2. How do we define obesity?

Is obesity a disease? A syndrome? A condition?  A disorder? Surprisingly, there is no universally accepted definition of disease which guides us in achieving health outcomes.

  • Will the one third of the population considered obese now be encouraged to utilize and possibly be reimbursed for preventative services?

OR

  • Will they rely on more medicine and expensive procedures?

How will we ultimately define obesity so that a large piece of the trillions of dollars in health care costs, reimbursement, and other passive costs that are dependent on the definition go to prevention (health care) and not medication and procedures (sick care)?

  • Will an integrated definition of obesity which considers lifestyle factors help people take personal responsibility for their health and assist others in their community?
  • Will the measure of obesity, body mass index (BMI), be accepted universally despite its limitations (which led the advisory group tasked with reporting on whether obesity should be a disease to say no, because of the issues with BMI)?
  • Will obesity in the context of other wellness factors be considered when seeking a shared definition?
  • Will obesity being classified as a disease impact other elements (social, psychological, etc.) of wellness for those affected?

Take a quick look at coincidental rising health care costs. In 2014, as the Affordable Care Act is implemented, it is predicted that 22 million fewer uninsured people will help drive costs up by 7.9% (2.1 percentage points higher than in the absence of reform). And, many of the newly uninsured will be younger and relatively healthier than currently insured individuals, so spending is predicted to increase on prescription drugs and physician and clinical services more so than acute care.

Do you sense what I am sensing? By proclaiming obesity a disease, insurers will be forced to cover a new growth industry — obesity medications and surgeries. While some remain hopeful that making obesity a disease will influence physicians to counsel their patients toward healthy lifestyle changes, including proper nutrition and physical activity, according to an excellent blog by Dr. Allison Bowersock, “evidence suggests doctors do not have adequate time to discuss weight management with their patients and do not have adequate training to do so. Many doctors report a lack of confidence in providing exercise recommendations for patients unless they have experience with a regular exercise program.”

So, how are we going to get exercise included in mainstream medicine? How do we make headway to get insurers, physicians, and lay people to recognize the benefit potential of proactive prescriptive wellness over reactive treatments? Current insurance reimbursement does not cover exercise prescription, although physical activity is the fourth primary risk factor for chronic disease, children that do not get proper exercise as youngsters are less motivated to be active adults, and even relatively small lifestyle improvements in adulthood, including exercise, carry significant health benefits.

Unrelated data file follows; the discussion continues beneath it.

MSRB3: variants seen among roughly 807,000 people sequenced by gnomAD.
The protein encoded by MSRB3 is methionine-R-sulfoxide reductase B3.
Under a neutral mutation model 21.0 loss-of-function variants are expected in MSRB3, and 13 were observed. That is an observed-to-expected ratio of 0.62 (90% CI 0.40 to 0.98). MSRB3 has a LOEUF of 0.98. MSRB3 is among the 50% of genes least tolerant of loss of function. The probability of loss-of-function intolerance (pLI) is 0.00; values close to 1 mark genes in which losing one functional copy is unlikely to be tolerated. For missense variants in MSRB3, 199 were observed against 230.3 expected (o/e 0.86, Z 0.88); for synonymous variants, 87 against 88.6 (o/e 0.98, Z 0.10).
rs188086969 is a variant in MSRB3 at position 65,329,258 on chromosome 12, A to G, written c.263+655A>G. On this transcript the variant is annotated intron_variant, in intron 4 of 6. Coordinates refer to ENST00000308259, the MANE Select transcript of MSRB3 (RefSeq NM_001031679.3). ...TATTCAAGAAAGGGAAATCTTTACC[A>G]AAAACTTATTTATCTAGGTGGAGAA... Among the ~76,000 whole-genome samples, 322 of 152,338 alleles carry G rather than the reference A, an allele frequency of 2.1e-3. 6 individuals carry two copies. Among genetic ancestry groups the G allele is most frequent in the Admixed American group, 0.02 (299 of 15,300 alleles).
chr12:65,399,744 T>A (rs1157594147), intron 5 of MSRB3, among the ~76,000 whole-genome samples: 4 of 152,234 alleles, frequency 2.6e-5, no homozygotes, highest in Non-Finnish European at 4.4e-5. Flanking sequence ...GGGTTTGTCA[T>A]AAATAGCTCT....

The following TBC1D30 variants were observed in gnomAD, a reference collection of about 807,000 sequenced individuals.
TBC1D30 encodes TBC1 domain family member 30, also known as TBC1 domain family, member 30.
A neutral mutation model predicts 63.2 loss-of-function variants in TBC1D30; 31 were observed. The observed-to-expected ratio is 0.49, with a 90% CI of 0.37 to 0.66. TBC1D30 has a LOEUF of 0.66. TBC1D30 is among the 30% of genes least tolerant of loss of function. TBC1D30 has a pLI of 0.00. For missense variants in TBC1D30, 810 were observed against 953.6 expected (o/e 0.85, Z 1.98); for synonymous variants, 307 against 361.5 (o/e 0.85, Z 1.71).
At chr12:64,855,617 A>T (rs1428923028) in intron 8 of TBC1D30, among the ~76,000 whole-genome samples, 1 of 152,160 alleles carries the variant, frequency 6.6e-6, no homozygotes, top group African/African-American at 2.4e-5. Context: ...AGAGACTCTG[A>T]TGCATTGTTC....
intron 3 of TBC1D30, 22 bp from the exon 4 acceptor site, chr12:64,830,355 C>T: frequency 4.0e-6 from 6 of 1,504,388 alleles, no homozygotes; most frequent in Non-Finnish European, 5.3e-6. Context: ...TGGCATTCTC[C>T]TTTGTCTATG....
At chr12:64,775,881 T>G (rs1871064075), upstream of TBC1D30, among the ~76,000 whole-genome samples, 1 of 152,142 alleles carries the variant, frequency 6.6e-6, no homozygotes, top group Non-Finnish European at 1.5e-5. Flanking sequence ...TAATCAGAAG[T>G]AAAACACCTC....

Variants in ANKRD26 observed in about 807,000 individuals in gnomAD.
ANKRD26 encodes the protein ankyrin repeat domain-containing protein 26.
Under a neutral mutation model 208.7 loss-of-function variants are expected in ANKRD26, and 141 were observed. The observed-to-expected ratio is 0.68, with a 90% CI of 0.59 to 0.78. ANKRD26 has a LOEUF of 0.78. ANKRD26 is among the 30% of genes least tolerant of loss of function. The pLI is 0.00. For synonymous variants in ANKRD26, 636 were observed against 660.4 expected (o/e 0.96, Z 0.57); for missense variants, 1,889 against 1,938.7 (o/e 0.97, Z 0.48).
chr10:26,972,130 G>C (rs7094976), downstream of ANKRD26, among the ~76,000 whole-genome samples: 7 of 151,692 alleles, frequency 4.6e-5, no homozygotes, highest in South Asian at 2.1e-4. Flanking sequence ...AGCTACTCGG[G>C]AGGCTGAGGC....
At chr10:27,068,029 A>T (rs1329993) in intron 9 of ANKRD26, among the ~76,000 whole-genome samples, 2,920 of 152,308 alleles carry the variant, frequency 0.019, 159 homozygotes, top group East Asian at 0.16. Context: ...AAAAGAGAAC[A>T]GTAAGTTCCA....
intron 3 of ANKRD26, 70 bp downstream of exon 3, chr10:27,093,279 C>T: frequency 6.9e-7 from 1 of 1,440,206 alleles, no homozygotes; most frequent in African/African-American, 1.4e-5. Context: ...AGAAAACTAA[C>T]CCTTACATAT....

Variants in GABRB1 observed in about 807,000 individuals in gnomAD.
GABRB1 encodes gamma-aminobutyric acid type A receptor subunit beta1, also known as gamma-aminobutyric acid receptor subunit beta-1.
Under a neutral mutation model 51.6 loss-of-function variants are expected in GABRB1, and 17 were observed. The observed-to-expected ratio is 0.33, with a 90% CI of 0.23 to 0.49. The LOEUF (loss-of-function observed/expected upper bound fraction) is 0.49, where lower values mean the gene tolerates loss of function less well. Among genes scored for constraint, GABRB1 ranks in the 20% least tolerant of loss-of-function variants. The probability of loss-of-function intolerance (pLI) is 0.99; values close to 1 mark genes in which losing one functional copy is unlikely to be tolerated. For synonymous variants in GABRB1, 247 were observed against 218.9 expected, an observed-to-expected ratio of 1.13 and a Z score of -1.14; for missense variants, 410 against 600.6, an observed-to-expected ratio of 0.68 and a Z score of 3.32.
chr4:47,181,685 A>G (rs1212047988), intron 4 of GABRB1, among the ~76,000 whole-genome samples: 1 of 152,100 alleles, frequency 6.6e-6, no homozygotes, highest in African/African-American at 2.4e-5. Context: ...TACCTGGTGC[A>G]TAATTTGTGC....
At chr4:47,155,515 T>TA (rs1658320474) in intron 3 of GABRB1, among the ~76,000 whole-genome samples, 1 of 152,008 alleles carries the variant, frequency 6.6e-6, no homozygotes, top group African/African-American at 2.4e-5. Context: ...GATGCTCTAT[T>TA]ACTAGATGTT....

To spread the word and begin a national movement toward taking seriously the benefits of exercise, friends and colleagues have coined the term exercise deficit disorder. Questions that need to be addressed include:

  • Why isn’t physical inactivity treated with the same vigor as smoking?
  • How do we engage children and adolescents in fun and developmentally-appropriate physical activity?
  • How do we ensure that quality physical education and quality instruction in sports and physical activity is available to every child?
  • What is the role of the medical community in combating obesity and physical inactivity?

The next question, therefore, is how will we educate the masses about the powerful benefits of physical activity? Many believe that school is the answer. After all, school is where the vast majority of our children go from age 5 through 18. At school, they can be exposed to physical activity throughout the day, quality physical education every day, and health information to help make positive choices. Uh-oh! More problems with definitions…

  • Is any bodily movement that uses energy enough for engaging young children in activities for a lifetime?
  • What defines quality physical education—is it fitness test scores? Lifetime fitness activities (who decides these?)?
  • Is health and physical education considered a highly valued subject in school? Do educators and administrators recognize the value of physical activity on not only health and well-being but on self-esteem, attendance and behavior, and academic outcomes?

But consider that, even if students received physical education for the recommended 30 minutes per day in elementary school (150 minutes/week), and half of the time spent in PE should be moderate-to-vigorous physical activity, we still have two issues to resolve:

  1. We are still short 30-45 minutes of physical activity each day. Can this be filled with recess and activity breaks every day? What happens if students do not receive PE every day and/or all year?
  2. Who is leading physical education and physical activity? In many states, the classroom teacher in a self-contained classroom (the students do not change classes for subjects)”teaches” PE. This is the most critical age for learning motor skills, health fitness and skills fitness, and we rely often on teachers with little, if any, experience in this area. Would we do this for fundamental concepts in reading or math?

The decision to include obesity as a disease raises more questions than it provides answers. Even some of the answers available to us are wrought with lack of clear, consistent definitions.

Clearly, Cross-sector collaboration is considered necessary for building healthier communities. But we need to set clear definitions, roles, and qualifications for each partner in order to best achieve health outcomes. It is time for everyone involved in the health and well-being profession to work together to improve physical activity levels, reduce obesity levels, promote health literacy and physical literacy, and let’s get our definitions in line to fill the talent pool!